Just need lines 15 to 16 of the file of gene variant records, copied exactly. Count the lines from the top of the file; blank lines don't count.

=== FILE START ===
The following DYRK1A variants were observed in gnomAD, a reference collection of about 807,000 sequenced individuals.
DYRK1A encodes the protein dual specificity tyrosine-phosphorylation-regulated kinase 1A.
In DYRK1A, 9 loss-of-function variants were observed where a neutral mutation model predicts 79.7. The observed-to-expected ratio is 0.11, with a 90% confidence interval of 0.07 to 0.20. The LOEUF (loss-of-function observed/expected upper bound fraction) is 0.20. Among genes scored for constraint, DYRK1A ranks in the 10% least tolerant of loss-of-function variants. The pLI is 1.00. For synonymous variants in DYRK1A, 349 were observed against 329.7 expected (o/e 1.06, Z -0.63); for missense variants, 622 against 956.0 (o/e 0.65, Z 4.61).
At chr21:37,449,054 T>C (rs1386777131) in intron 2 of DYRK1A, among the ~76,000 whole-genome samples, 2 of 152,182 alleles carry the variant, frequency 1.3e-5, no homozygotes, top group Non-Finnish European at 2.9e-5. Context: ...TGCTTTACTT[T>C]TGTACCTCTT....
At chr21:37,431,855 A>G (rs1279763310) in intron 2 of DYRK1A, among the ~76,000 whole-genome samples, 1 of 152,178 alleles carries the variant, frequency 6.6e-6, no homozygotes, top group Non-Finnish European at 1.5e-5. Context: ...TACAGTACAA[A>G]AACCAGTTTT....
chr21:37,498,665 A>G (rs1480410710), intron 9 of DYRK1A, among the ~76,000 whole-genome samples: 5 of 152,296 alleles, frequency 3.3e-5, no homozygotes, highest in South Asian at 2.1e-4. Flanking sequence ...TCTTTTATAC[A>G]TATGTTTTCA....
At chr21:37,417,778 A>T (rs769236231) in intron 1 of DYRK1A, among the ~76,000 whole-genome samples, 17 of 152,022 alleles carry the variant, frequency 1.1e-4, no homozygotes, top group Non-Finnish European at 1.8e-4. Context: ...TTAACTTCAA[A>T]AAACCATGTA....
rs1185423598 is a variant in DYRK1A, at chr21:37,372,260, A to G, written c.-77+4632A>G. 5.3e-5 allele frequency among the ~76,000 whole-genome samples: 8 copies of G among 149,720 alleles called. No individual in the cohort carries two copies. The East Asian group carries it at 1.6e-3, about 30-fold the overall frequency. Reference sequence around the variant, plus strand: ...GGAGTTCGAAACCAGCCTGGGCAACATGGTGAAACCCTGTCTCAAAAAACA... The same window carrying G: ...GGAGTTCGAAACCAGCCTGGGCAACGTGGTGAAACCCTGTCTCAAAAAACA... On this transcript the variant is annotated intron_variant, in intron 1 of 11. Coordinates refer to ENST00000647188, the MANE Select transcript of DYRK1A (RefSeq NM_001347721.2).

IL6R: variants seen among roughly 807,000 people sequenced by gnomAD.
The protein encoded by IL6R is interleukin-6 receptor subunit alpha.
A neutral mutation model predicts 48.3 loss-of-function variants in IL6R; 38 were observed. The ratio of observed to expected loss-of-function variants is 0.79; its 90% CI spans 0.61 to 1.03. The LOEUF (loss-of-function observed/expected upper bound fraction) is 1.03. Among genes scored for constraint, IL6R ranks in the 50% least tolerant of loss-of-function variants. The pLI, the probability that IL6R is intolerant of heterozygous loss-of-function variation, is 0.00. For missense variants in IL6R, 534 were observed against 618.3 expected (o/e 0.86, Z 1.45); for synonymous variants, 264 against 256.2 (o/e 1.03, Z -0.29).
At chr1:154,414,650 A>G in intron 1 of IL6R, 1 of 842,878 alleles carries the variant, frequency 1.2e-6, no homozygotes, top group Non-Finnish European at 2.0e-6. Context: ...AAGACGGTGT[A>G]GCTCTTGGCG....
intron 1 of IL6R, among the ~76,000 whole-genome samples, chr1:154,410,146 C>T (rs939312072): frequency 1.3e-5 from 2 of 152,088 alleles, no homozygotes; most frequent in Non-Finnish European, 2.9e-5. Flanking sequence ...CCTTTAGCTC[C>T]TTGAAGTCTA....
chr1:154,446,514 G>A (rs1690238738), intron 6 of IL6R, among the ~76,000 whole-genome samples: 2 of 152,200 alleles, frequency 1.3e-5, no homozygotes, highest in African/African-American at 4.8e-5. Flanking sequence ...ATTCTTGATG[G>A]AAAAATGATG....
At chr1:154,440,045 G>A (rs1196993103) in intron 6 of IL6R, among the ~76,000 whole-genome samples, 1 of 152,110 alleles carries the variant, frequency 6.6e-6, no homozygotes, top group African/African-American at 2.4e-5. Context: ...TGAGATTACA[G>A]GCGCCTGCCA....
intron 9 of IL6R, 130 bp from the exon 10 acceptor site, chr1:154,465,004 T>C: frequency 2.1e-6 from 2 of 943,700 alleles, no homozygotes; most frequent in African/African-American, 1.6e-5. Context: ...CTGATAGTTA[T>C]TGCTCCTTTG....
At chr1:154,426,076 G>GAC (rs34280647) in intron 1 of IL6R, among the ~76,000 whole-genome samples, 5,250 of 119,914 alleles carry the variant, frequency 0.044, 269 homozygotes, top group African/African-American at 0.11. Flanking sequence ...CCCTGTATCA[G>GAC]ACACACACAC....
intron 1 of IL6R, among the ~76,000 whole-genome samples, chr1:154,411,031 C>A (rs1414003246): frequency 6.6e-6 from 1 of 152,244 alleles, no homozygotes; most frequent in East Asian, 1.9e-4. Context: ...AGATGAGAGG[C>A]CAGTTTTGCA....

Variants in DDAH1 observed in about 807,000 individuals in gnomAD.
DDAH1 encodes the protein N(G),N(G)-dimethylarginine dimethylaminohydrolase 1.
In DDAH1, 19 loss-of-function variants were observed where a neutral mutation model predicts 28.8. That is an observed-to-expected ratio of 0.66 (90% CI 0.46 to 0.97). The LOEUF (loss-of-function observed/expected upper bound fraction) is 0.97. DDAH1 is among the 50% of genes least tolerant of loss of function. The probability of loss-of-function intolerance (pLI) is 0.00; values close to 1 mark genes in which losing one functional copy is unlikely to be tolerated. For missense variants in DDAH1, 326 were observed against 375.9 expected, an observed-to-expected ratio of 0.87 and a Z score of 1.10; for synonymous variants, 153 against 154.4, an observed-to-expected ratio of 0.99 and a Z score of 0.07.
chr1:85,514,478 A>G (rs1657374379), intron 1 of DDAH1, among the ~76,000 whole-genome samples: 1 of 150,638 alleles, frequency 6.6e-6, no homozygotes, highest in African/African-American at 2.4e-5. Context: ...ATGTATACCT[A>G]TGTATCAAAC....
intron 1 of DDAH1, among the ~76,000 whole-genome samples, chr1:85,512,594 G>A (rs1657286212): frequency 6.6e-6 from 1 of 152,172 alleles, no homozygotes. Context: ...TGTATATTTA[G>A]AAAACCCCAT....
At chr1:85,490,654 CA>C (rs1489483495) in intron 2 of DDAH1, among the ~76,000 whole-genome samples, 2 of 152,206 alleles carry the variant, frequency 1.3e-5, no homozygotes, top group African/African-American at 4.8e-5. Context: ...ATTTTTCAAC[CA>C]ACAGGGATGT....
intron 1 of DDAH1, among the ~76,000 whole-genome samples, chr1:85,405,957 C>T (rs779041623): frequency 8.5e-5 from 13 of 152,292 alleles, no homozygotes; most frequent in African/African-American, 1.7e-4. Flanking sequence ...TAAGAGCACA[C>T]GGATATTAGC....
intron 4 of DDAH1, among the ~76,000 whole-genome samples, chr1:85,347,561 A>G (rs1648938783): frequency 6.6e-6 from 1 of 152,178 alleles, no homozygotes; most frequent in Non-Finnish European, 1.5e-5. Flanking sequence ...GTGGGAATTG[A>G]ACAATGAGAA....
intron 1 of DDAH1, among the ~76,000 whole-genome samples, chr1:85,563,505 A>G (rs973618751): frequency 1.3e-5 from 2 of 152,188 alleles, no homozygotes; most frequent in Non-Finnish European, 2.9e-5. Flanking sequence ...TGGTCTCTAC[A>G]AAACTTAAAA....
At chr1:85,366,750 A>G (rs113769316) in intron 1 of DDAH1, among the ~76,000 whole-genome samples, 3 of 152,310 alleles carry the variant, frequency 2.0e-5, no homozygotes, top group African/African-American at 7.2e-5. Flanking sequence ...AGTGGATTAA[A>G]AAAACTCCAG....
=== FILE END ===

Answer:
At chr1:154,440,045 G>A (rs1196993103) in intron 6 of IL6R, among the ~76,000 whole-genome samples, 1 of 152,110 alleles carries the variant, frequency 6.6e-6, no homozygotes, top group African/African-American at 2.4e-5. Context: ...TGAGATTACA[G>A]GCGCCTGCCA....
intron 9 of IL6R, 130 bp from the exon 10 acceptor site, chr1:154,465,004 T>C: frequency 2.1e-6 from 2 of 943,700 alleles, no homozygotes; most frequent in African/African-American, 1.6e-5. Context: ...CTGATAGTTA[T>C]TGCTCCTTTG....